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Smith's drolly funny, historically astute introduction to the genre divides the social-guidance movies of the '40s, '50s, and '60s into seven overlapping categories (Fitting In, Cautionary Tales, Dating, Girls Only, Drugs, Sex Education, and Bloody Highways) to better study them as, he writes in Mental Hygiene, "tools of social engineering, created to shape the behavior of their audiences. . . . Like a polio sugar cube or a measles shot, [they] were conceived as preventative medicine."
"The mental-hygiene film embraced the notion that you could make a dramatic, Hollywood-esque treatment of a social problem," says Smith in an interview with the Voice. "You didn't have a range of options; you were either right or wrong." And if you were wrong, you were invariably punished, with means that ranged from social ostracization (in Are You Popular?, lover's-lane veteran Ginny is shunned in the cafeteria), to a derelict future in a shabby rented room (Nick's fate if he doesn't comb his hair and figure out a life plan in Benefits of Looking Ahead), to the harsh penalties meted out by the no-budget schlock masterpieces of social-guidance producer extraordinaire Sid Davis, who sent most wayward teens either to juvie or a grisly, off-camera death.
"Sid Davis wanted to warn kids what would happen if they went down the wrong track," says Skip Elsheimer, a collector and programmer of 16mm educational films (check out his Web site). "He told these horrible tales because he thought that was the only way he could get his point across." Davis also dabbled in highway-safety movies, perhaps the most extreme form of the retributive social-guidance film. The undisputed master of the highway-splatter show was one Dick Wayman, who employed gruesome documentary-style tactics to discourage speeding and drunk driving. Horror crash movies were still being made into the early '80s (and shown in classrooms long afterward), and many antidrug and STD-prevention films of the '70s piggybacked on Wayman's shock-doc techniques. (This writer will be forever haunted by an antidrug film in which a heroin addict of undetermined authenticity vomits up what appear to be several milkshakes and an unspecified internal organ.) "In the '70s the movies start going vérité, where you're not sure if what you're seeing is real or dramatized," says Elsheimer.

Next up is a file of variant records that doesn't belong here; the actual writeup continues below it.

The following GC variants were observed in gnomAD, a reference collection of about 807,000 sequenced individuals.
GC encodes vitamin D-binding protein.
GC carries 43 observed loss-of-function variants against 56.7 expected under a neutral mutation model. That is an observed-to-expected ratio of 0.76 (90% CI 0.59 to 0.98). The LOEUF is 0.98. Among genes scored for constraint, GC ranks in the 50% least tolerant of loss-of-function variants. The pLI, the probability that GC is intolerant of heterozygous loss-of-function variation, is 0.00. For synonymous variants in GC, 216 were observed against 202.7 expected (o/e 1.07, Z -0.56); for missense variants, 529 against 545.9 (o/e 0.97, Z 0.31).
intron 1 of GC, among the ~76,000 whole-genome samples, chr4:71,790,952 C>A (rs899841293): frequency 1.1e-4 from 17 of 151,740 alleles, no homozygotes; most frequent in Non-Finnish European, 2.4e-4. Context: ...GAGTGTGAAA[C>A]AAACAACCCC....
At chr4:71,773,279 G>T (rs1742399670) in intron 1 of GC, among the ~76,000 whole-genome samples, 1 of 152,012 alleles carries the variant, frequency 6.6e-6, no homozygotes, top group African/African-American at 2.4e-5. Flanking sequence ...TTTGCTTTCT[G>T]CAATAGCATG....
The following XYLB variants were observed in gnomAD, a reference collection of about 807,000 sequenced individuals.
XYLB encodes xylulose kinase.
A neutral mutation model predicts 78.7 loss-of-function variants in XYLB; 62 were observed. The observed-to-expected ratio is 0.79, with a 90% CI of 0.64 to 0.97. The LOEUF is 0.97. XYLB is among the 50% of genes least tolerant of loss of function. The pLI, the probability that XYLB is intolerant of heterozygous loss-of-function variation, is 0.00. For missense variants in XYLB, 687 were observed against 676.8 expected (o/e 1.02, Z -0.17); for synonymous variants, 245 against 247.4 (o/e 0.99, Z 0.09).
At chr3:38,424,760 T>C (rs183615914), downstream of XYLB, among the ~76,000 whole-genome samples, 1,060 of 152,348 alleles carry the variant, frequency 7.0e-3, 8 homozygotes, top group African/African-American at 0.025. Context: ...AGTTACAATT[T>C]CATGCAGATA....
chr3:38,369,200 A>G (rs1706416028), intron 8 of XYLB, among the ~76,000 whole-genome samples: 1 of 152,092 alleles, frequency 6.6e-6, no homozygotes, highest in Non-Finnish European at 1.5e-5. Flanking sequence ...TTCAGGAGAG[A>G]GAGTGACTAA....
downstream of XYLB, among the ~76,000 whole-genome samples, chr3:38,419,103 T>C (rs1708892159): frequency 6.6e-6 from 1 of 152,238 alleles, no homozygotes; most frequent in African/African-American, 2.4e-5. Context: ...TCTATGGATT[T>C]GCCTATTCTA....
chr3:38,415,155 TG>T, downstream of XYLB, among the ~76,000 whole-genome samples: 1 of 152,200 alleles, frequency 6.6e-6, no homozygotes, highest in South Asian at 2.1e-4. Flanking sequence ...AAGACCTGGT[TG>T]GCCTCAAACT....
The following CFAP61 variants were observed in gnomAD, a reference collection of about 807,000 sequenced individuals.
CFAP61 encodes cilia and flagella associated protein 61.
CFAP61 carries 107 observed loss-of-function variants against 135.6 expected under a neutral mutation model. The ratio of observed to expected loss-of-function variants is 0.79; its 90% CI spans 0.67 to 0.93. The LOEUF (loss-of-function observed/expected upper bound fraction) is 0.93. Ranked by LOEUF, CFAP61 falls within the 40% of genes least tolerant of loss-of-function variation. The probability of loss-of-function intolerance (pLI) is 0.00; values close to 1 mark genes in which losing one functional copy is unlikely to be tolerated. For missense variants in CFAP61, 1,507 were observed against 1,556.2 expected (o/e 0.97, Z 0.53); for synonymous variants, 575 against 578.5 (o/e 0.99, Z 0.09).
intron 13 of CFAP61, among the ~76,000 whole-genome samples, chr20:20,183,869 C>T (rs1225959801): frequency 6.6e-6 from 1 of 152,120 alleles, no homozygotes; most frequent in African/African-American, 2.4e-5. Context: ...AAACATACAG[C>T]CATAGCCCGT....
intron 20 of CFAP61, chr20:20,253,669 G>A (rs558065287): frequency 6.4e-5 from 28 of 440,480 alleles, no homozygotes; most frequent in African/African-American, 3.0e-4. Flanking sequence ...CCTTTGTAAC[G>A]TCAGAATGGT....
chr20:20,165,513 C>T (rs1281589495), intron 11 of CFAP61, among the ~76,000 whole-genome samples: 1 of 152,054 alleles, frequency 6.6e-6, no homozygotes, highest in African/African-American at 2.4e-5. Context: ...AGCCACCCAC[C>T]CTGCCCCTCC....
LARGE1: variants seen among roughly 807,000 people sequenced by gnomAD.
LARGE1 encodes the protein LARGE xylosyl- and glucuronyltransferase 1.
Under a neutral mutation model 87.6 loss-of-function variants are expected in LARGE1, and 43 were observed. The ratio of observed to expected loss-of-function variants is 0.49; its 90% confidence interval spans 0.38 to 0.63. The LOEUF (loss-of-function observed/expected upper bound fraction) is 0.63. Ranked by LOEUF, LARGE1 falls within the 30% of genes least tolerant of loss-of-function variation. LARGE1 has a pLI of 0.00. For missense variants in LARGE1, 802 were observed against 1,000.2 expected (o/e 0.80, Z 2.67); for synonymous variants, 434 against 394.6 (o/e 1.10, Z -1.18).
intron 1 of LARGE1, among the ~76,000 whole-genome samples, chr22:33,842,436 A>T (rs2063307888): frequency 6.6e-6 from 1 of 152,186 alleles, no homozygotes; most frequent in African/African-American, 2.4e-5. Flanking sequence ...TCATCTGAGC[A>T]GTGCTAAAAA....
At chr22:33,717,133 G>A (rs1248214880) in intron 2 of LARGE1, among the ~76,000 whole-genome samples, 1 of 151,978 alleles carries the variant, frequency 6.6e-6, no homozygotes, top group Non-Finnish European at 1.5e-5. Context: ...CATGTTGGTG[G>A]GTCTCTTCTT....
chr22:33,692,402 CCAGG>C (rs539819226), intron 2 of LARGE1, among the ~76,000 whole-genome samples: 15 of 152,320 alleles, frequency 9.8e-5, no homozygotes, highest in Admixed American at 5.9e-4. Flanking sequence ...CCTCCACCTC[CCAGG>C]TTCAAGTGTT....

Smith's book wraps up near the advent of the Nixon administration because, as he says, "once the '70s kicked in there was more acceptance that the world was complex. The kids weren't paying attention anymore to the old stylethey were laughing at these films because they were so painfully two-dimensional." According to Elsheimer, this shift is best illustrated by changes in "VD movies": "In the '40s and '50s, the emphasis was on the destruction of the family. If you have sex, you'll get syphilis, you'll go crazy, or you'll be sterile and you'll let down the American family ideal. By the '70s, the movies were saying, You're out there, you have sex, so go get yourself checked out, OK?"
Elsheimer, who is currently researching a book on the VD subgenre (which includes VD: Every 30 Seconds and Disney's VD Attack Plan), continues, "There was also a shift in who is giving you the information. In the '60s, it's a doctor in a white coat sitting behind a desk. In the '70s, it's kids, either real or actors, telling their stories." The educational film as first-person testimonialeither real or fabricatedbecame the norm during the '80s. One startling early example is the Disney-produced video A Time to Tell (1985), featuring a support group for teen survivors of rape and incest. And as the AIDS epidemic continued unabated through the decade, HIV-positive teens told their stories for the camera, in videos such as In Our Own Words (1996).
But even in such a sensitive production, the host feels compelled to tell her audience, "I wish as a teenager I had valued myself more. If I had, I would have postponed sex." A personal moral judgment is prioritized over providing actual information, as in films of yore. Likewise, the "girl gang" classroom films briefly popular in the late '80s and early '90s demonize sex (at least for young females) via a strict formula: Girl who is "different" in some way (in 1986's Have You Tried Talking to Patty?, she's deaf; in 1991's Just Friends, she's new in town) joins a gang (differentiated mostly by their hairstyles; sometimes they smoke) to boost her self-esteem, is promptly placed in a compromising sexual situation (kissing, basically), suffers some form of humiliation as a consequence, and realizes the error of her ways. And the much maligned Channel Onebanned from public classrooms in 1990 by the New York Board of Regents, largely for its inclusion of commercialsended one recent broadcast with what The Washington Times applauded as "an explicit call for teen abstinence from sexual activity."